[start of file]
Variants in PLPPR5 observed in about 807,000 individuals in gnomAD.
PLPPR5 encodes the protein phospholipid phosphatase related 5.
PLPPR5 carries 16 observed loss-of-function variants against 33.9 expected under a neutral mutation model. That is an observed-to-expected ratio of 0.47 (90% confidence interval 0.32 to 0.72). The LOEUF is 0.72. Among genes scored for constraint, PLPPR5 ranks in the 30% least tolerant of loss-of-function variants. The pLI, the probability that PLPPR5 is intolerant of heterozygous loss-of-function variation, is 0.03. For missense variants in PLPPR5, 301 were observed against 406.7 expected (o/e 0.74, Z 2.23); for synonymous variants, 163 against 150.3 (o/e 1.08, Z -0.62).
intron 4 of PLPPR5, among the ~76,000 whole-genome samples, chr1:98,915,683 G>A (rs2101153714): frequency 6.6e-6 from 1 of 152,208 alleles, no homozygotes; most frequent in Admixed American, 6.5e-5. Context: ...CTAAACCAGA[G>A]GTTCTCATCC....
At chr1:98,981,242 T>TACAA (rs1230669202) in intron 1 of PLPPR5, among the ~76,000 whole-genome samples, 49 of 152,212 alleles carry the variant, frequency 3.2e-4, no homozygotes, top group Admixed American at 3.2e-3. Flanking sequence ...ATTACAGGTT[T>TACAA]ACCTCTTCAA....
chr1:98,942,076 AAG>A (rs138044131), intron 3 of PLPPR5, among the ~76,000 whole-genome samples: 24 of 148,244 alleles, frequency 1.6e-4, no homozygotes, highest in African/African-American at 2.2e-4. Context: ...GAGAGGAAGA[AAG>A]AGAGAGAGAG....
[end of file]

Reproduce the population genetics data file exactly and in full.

Variants in PLPPR5 observed in about 807,000 individuals in gnomAD.
PLPPR5 encodes the protein phospholipid phosphatase related 5.
PLPPR5 carries 16 observed loss-of-function variants against 33.9 expected under a neutral mutation model. That is an observed-to-expected ratio of 0.47 (90% confidence interval 0.32 to 0.72). The LOEUF is 0.72. Among genes scored for constraint, PLPPR5 ranks in the 30% least tolerant of loss-of-function variants. The pLI, the probability that PLPPR5 is intolerant of heterozygous loss-of-function variation, is 0.03. For missense variants in PLPPR5, 301 were observed against 406.7 expected (o/e 0.74, Z 2.23); for synonymous variants, 163 against 150.3 (o/e 1.08, Z -0.62).
intron 4 of PLPPR5, among the ~76,000 whole-genome samples, chr1:98,915,683 G>A (rs2101153714): frequency 6.6e-6 from 1 of 152,208 alleles, no homozygotes; most frequent in Admixed American, 6.5e-5. Context: ...CTAAACCAGA[G>A]GTTCTCATCC....
At chr1:98,981,242 T>TACAA (rs1230669202) in intron 1 of PLPPR5, among the ~76,000 whole-genome samples, 49 of 152,212 alleles carry the variant, frequency 3.2e-4, no homozygotes, top group Admixed American at 3.2e-3. Flanking sequence ...ATTACAGGTT[T>TACAA]ACCTCTTCAA....
chr1:98,942,076 AAG>A (rs138044131), intron 3 of PLPPR5, among the ~76,000 whole-genome samples: 24 of 148,244 alleles, frequency 1.6e-4, no homozygotes, highest in African/African-American at 2.2e-4. Context: ...GAGAGGAAGA[AAG>A]AGAGAGAGAG....